That day for the very first time… something from my books became real…I met someone from the sky.
Yellow Town – home to craftsmen and workshops, their smokestacks belching out yellow smoke that obscures the stars in the night sky. Young Theo (16) is something of a dreamer, loving fantastical stories since early childhood – but also something of an inventor, working as a mechanic at Chikuwa Barrack. One day, foraging through a giant trash heap called the Island of Dreams, he comes across a young girl lying injured and semi-conscious and, kindly soul that he is, takes her home. But who is she – and why has she one feathered wing (and a scar on her back where the other wing must have been)? She says her name is Mia – but she doesn’t remember anything else. Has she fallen from the skies? Theo determines to make her a new mechanical wing to replace the missing one. But even though he and his friends try to keep Mia safe from prying eyes, word gets out and one evening, a gang of thugs arrive to kidnap her. A winged child is a valuable prize and will fetch a high price! Theo fights with all his resources to protect her – but is shot. Is it too late to save her?
Nicke’s first published manga plunges us into a yellow-skied steampunk world inhabited by humans and cat people (such as Mr Chikuwa, Theo’s employer) – although when venturing outside Yellow Town in the forest, Theo encounters fairy-like little people and strange wild beasts. In the fascinating interview with Nicke translated by Melody Ribeiro at the back of the first volume, we learn that the young mangaka loves Studio Ghibli (Nausicaa, Laputa) as well as the manga of Chica Umino (Honey and Clover) and the game Kingdom Hearts. All these influences are evident in the text, especially Laputa in the boy discovering/rescuing a mysterious girl with special powers. And it’s worth noting here that the manga was first published in France by Ki-oon in 2018 with a trailer specially created by Gonzo. I haven’t managed to trace any Japanese edition so far. Quite how this came about is not covered in the author interview but it would be fascinating to learn more.
The art is distinctive and attractive, although Nicke’s main characters all look childlike and far younger than their given ages; the influence of Chica Umino shows through sometimes in the eyes and the facial contours. The mangaka’s use of colour is attractive (the double-page colour spread at the start is especially striking) and the steampunk look of Yellow Town is convincing. The story bowls along at a reasonable pace, with cliffhangers occurring at the end of each chapter to ramp up the tension.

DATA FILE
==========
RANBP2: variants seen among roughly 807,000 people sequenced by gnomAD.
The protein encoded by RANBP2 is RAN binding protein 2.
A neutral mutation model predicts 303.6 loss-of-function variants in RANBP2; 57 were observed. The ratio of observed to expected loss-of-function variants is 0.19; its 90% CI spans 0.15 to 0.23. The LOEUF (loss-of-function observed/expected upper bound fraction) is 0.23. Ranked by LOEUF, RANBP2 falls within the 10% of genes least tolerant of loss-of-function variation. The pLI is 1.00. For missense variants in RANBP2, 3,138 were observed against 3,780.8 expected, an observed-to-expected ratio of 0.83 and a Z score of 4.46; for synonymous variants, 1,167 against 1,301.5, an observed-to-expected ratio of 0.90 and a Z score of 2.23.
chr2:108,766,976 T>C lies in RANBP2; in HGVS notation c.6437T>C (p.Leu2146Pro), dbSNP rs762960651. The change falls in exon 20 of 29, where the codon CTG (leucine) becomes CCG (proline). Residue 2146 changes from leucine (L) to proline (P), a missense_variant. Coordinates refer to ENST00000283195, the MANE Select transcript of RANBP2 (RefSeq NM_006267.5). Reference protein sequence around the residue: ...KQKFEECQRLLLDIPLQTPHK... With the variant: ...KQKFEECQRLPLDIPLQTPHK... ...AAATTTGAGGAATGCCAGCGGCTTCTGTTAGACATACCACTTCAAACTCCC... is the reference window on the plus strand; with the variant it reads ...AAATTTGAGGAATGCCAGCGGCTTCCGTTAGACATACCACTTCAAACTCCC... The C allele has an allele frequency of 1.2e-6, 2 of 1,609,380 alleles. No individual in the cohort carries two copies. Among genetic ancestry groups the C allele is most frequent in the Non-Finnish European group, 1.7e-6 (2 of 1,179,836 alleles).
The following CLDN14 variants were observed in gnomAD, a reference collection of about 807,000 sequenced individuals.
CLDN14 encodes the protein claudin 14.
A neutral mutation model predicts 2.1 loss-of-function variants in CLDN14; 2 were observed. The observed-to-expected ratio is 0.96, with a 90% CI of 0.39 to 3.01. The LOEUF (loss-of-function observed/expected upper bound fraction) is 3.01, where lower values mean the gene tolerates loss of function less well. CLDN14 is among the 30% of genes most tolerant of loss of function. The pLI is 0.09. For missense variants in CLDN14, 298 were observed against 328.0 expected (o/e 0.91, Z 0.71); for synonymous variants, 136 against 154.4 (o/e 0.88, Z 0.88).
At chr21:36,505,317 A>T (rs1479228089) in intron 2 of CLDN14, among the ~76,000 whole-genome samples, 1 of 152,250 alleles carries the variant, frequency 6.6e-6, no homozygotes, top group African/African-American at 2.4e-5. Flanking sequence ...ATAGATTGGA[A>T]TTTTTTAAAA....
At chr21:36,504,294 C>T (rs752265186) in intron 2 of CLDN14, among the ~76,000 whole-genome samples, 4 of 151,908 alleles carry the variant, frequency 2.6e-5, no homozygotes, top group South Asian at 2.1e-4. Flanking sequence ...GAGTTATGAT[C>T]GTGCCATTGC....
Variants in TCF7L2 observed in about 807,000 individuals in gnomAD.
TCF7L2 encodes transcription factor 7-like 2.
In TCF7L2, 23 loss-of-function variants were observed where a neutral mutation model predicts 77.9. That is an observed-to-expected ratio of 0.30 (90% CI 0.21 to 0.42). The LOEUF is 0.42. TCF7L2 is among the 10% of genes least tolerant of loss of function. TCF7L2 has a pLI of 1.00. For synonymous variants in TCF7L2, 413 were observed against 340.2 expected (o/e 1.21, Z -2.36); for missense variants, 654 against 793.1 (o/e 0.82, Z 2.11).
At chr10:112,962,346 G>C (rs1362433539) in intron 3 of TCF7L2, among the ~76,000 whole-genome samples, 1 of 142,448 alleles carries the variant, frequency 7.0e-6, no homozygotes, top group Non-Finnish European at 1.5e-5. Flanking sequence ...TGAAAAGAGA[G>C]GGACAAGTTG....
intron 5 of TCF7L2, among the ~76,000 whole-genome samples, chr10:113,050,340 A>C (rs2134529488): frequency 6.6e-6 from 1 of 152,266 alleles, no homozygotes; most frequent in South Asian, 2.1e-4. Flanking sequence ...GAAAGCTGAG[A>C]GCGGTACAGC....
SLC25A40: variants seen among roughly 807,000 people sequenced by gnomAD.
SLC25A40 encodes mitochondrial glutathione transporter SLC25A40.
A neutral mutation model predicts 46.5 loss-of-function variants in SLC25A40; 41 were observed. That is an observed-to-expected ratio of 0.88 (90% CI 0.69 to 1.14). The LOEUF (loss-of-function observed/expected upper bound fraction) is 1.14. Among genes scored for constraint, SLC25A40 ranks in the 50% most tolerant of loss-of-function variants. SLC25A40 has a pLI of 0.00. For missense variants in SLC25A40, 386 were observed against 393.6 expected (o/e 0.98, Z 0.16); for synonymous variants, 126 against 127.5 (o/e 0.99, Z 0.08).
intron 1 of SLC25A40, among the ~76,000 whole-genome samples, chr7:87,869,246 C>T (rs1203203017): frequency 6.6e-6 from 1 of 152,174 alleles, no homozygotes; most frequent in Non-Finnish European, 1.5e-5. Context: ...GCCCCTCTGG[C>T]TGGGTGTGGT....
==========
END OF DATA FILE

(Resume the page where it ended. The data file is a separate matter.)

However, there’s an over-familiar ring to Beyond the Clouds. I can’t help feeling that I’ve seen this plot unfold many times before. Even the story beats feel well-worn. It’s sometimes charming, sometimes scary – but the perils are ones we’ve encountered so many times in other anime and manga that for adult readers, there isn’t very much to encourage them to keep turning the pages.
So even though this has been awarded a T rating (13+) it would work well for keen manga readers in Years 5 and 6 (UK). In fact, it feels very like a children’s story (this is not a criticism) especially as hero Theo confirms his love of reading tales of wonder at the start of the narrative and shares his enthusiasm with Mia later on.
The translation is by Stephen Paul flows nicely and Abigail Blackman has done another excellent job on the lettering. The extras in ‘The World of Beyond the Clouds‘ at the end comprise character sketches and biographies and the interview with Nicke (complete with photos).
Given her undoubted talent for drawing, I imagine that Nicke will go on to produce some truly original storylines and world-building. And I’d wholeheartedly recommend this story for younger readers (not the very young but perhaps those who have enjoyed Cressida Cowell and Philip Reeve).
(Online cover images for Volume 1 have the subtitle ‘The Girl Fallen from the Sky’ but Kodansha are using the subtitle ‘The Girl Who Fell from the Sky’ on the print editions. A digital edition is promised but not yet available. )